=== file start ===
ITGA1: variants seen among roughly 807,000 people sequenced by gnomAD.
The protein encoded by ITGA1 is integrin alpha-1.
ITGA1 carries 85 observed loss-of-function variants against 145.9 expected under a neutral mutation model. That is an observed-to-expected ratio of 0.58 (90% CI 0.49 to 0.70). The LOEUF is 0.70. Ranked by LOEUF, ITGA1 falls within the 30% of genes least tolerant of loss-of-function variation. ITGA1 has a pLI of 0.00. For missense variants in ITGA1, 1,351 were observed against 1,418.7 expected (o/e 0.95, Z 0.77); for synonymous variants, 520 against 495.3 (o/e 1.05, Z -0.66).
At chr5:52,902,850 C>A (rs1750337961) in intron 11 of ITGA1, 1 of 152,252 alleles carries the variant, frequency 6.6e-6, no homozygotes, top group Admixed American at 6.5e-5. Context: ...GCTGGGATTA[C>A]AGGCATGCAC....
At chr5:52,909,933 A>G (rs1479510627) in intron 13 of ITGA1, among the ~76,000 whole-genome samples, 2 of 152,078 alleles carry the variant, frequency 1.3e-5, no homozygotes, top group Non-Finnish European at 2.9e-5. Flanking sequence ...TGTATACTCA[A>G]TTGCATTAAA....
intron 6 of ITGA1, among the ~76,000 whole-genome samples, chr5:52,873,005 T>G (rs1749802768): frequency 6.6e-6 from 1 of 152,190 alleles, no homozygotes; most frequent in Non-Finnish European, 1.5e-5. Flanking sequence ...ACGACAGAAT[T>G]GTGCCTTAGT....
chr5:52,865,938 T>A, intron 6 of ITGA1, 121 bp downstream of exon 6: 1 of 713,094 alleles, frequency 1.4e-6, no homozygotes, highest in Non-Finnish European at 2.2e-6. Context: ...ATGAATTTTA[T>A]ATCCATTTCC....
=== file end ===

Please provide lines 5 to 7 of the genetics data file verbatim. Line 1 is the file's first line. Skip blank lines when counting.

At chr5:52,909,933 A>G (rs1479510627) in intron 13 of ITGA1, among the ~76,000 whole-genome samples, 2 of 152,078 alleles carry the variant, frequency 1.3e-5, no homozygotes, top group Non-Finnish European at 2.9e-5. Flanking sequence ...TGTATACTCA[A>G]TTGCATTAAA....
intron 6 of ITGA1, among the ~76,000 whole-genome samples, chr5:52,873,005 T>G (rs1749802768): frequency 6.6e-6 from 1 of 152,190 alleles, no homozygotes; most frequent in Non-Finnish European, 1.5e-5. Flanking sequence ...ACGACAGAAT[T>G]GTGCCTTAGT....
chr5:52,865,938 T>A, intron 6 of ITGA1, 121 bp downstream of exon 6: 1 of 713,094 alleles, frequency 1.4e-6, no homozygotes, highest in Non-Finnish European at 2.2e-6. Context: ...ATGAATTTTA[T>A]ATCCATTTCC....